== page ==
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I’ve been messing around with mushrooms! Apart from four jars of pickled mushrooms, I have made a porcini marinade and a rather delicious balsamic mushroom salad. And, since I had a small piece of venison fillet, I thought I’d try a venison carpaccio to go with the salad. I could just as easily have used beef fillet – this just needs a very tender cut of meat to work well.
Here’s the result – a stunning starter or light lunch for two people – venison carpaccio with balsamic mushrooms.
Now, I’d love to claim I went foraging for the mushrooms, but I didn’t. I bought some of them at a local farmer’s market and the rest from Waitrose. Since the chanterelle and fresh porcini are very expensive in this country, I added a mix of shitake and portabellino mushrooms to make the mixture go a little further. You could make this with any mixture of mushrooms you fancy – even with basic button mushrooms – the dish is full of flavour and doesn’t really need the posh ones!
So, here’s how to make a Venison Carpaccio
A simple starter using loin of venison
- 50 g venison fillet
- 100 g mixed mushrooms mine were porcini, chanterelle, shitake and portabellino
- 2 teaspoons good balsamic vinegar
- 4 teaspoons extra virgin olive oil
- 2 teaspoons finely chopped shallot
- 1 tablespoon cooking quality olive oil
- A couple of sprigs fresh thyme
- Rocket or other green leaves to serve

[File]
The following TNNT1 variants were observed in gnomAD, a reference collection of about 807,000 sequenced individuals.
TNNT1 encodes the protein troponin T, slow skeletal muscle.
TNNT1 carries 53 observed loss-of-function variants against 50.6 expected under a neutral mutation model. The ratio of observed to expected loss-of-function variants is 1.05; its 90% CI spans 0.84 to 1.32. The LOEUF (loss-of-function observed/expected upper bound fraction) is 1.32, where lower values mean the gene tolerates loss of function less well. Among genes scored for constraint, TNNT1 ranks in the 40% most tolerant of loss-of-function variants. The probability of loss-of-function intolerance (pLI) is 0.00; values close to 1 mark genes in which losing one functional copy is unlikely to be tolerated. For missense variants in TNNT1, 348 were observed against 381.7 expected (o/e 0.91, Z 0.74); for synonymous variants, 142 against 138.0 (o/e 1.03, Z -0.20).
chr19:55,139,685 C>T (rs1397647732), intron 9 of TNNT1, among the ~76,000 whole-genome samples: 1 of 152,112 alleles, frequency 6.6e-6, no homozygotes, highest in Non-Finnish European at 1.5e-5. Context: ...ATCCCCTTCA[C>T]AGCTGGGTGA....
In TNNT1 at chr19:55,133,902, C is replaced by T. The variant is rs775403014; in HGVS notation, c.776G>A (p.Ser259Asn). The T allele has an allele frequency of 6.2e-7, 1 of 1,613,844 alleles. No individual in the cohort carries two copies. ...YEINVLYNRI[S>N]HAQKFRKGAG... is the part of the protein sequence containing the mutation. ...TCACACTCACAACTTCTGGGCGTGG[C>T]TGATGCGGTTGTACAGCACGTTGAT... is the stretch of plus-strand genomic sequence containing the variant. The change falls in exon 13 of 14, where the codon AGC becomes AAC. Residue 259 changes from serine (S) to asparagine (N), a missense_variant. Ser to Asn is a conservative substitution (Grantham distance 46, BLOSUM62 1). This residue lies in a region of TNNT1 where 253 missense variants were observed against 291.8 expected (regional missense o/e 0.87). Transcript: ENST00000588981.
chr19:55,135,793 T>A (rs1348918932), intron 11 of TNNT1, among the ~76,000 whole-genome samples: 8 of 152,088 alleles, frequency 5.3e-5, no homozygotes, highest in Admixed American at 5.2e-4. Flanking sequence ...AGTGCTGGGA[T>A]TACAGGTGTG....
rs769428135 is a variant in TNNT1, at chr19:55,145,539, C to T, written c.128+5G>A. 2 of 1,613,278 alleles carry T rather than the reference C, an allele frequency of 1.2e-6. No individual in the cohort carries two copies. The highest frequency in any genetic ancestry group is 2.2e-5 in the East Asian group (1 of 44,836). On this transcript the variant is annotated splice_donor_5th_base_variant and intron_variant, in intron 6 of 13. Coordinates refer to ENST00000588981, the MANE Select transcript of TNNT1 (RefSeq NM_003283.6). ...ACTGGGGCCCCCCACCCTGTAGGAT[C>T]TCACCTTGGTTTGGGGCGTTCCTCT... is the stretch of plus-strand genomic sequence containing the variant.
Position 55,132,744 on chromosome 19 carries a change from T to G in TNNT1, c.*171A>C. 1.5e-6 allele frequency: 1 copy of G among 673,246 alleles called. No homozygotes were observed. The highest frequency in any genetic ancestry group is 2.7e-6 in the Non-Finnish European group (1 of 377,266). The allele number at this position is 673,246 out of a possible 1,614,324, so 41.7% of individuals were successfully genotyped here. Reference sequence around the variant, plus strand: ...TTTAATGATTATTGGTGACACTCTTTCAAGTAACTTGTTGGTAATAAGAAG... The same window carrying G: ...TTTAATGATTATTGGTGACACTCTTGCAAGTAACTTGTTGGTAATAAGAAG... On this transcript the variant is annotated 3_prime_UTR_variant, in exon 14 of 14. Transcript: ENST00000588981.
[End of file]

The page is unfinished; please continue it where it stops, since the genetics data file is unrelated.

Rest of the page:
Put the venison fillet in the freezer and leave until it is slightly 'stiff' (mine took about an hour). Remove from the freezer and slice as finely as possible, then take each slice and beat out under clingfilm so that you can just about see through the slices. Lay the slices neatly on a serving plate, season with pepper and cover with clingfilm before putting in the fridge
Heat the cooking oil in a large skillet and add the shallot. Cook until it is just caramelising at the edges - that should take about 15 minutes on a low heat.
Clean and trim the mushrooms and slice any larger ones.
Now add the mushrooms and fry on a medium to high heat for about 8 minutes till the mushrooms are cooked through. Make sure you don't stew the mushrooms but cook them on a high enough temperature to fry.
Mix the balsamic, virgin olive oil and thyme in a jug and season with salt and pepper to taste. The mixture should taste like a robust salad dressing.
Put the mushrooms into a bowl while still warm and add the dressing. Then leave to cool down for an hour or so.
Serve by dressing the serving plate with whatever green leaves you have and putting a mound of mushroom salad in the centre of the venison.
Provide a little more balsamic and oil dressing for guests to add to the carpaccio to their own taste. You could also add shaved parmesan or pecorino cheese if you think you need more flavour. It depends a bit on the quality of your mushrooms.
This recipe would work just as well with beef fillet but I’m not convinced you could use many other types of meat. It is low calorie and very healthy, despite being delicious and rather posh looking. It would also make a good addition to an antipasti spread or a cold meat platter.
Want to try this one for yourself? Why not pin this post for later